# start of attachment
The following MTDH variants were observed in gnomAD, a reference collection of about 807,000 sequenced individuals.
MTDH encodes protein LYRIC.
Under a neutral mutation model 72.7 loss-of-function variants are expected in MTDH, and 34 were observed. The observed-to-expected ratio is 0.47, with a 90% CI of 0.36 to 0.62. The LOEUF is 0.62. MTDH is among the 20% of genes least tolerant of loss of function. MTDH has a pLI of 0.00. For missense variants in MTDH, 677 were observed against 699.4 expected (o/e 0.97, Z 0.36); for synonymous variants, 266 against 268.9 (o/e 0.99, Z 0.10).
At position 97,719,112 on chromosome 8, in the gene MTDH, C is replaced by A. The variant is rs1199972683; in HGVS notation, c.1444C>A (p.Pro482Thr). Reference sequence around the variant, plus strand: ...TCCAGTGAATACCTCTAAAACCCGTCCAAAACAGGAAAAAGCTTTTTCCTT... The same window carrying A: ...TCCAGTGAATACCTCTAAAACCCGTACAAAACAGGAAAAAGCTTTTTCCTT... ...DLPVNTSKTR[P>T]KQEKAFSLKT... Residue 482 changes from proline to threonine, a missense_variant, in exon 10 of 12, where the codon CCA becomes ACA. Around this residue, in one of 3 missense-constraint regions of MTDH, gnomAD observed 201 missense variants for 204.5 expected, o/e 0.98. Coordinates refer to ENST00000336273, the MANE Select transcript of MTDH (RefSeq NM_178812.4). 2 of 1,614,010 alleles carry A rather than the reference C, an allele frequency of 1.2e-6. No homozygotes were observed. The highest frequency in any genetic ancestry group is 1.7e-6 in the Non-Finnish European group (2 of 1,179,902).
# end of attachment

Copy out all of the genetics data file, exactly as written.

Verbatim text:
The following MTDH variants were observed in gnomAD, a reference collection of about 807,000 sequenced individuals.
MTDH encodes protein LYRIC.
Under a neutral mutation model 72.7 loss-of-function variants are expected in MTDH, and 34 were observed. The observed-to-expected ratio is 0.47, with a 90% CI of 0.36 to 0.62. The LOEUF is 0.62. MTDH is among the 20% of genes least tolerant of loss of function. MTDH has a pLI of 0.00. For missense variants in MTDH, 677 were observed against 699.4 expected (o/e 0.97, Z 0.36); for synonymous variants, 266 against 268.9 (o/e 0.99, Z 0.10).
At position 97,719,112 on chromosome 8, in the gene MTDH, C is replaced by A. The variant is rs1199972683; in HGVS notation, c.1444C>A (p.Pro482Thr). Reference sequence around the variant, plus strand: ...TCCAGTGAATACCTCTAAAACCCGTCCAAAACAGGAAAAAGCTTTTTCCTT... The same window carrying A: ...TCCAGTGAATACCTCTAAAACCCGTACAAAACAGGAAAAAGCTTTTTCCTT... ...DLPVNTSKTR[P>T]KQEKAFSLKT... Residue 482 changes from proline to threonine, a missense_variant, in exon 10 of 12, where the codon CCA becomes ACA. Around this residue, in one of 3 missense-constraint regions of MTDH, gnomAD observed 201 missense variants for 204.5 expected, o/e 0.98. Coordinates refer to ENST00000336273, the MANE Select transcript of MTDH (RefSeq NM_178812.4). 2 of 1,614,010 alleles carry A rather than the reference C, an allele frequency of 1.2e-6. No homozygotes were observed. The highest frequency in any genetic ancestry group is 1.7e-6 in the Non-Finnish European group (2 of 1,179,902).